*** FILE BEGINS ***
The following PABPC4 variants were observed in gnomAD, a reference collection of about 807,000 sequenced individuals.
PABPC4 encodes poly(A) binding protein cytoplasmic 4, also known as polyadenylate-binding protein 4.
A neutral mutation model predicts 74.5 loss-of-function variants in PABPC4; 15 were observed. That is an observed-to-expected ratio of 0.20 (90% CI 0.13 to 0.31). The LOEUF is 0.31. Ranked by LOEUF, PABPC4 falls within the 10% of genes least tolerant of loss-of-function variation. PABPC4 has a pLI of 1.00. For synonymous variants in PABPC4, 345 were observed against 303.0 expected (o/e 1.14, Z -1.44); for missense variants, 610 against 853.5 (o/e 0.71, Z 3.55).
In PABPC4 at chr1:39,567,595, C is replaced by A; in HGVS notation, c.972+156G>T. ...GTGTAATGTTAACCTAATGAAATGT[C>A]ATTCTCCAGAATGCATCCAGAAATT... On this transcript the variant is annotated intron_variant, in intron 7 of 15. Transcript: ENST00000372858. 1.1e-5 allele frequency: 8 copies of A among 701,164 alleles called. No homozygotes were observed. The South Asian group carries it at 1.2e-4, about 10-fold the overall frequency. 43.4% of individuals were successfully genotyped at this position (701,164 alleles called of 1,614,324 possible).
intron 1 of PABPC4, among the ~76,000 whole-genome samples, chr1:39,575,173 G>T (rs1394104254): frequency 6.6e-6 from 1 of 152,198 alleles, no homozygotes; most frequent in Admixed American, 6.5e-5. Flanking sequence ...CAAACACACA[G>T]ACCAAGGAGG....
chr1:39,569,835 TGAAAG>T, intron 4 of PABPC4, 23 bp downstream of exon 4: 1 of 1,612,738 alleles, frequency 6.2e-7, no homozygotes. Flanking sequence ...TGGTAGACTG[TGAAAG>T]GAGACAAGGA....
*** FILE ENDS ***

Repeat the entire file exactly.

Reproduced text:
The following PABPC4 variants were observed in gnomAD, a reference collection of about 807,000 sequenced individuals.
PABPC4 encodes poly(A) binding protein cytoplasmic 4, also known as polyadenylate-binding protein 4.
A neutral mutation model predicts 74.5 loss-of-function variants in PABPC4; 15 were observed. That is an observed-to-expected ratio of 0.20 (90% CI 0.13 to 0.31). The LOEUF is 0.31. Ranked by LOEUF, PABPC4 falls within the 10% of genes least tolerant of loss-of-function variation. PABPC4 has a pLI of 1.00. For synonymous variants in PABPC4, 345 were observed against 303.0 expected (o/e 1.14, Z -1.44); for missense variants, 610 against 853.5 (o/e 0.71, Z 3.55).
In PABPC4 at chr1:39,567,595, C is replaced by A; in HGVS notation, c.972+156G>T. ...GTGTAATGTTAACCTAATGAAATGT[C>A]ATTCTCCAGAATGCATCCAGAAATT... On this transcript the variant is annotated intron_variant, in intron 7 of 15. Transcript: ENST00000372858. 1.1e-5 allele frequency: 8 copies of A among 701,164 alleles called. No homozygotes were observed. The South Asian group carries it at 1.2e-4, about 10-fold the overall frequency. 43.4% of individuals were successfully genotyped at this position (701,164 alleles called of 1,614,324 possible).
intron 1 of PABPC4, among the ~76,000 whole-genome samples, chr1:39,575,173 G>T (rs1394104254): frequency 6.6e-6 from 1 of 152,198 alleles, no homozygotes; most frequent in Admixed American, 6.5e-5. Flanking sequence ...CAAACACACA[G>T]ACCAAGGAGG....
chr1:39,569,835 TGAAAG>T, intron 4 of PABPC4, 23 bp downstream of exon 4: 1 of 1,612,738 alleles, frequency 6.2e-7, no homozygotes. Flanking sequence ...TGGTAGACTG[TGAAAG>T]GAGACAAGGA....